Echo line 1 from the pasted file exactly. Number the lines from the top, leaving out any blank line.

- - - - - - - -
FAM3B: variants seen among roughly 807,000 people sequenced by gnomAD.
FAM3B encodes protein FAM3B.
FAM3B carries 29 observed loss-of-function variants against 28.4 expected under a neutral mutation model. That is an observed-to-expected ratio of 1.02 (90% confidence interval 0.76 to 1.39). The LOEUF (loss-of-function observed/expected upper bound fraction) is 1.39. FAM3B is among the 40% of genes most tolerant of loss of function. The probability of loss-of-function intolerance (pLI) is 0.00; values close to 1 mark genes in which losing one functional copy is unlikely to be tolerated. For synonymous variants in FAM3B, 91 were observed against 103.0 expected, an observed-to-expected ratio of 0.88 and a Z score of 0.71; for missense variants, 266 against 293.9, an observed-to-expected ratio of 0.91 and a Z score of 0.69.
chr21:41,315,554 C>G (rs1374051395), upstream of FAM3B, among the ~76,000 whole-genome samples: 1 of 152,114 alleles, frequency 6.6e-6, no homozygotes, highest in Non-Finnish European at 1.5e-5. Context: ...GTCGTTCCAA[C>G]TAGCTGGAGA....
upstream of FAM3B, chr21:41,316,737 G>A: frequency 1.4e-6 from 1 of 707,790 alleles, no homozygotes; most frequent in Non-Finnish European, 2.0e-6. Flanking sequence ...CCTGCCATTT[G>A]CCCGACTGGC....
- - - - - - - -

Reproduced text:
FAM3B: variants seen among roughly 807,000 people sequenced by gnomAD.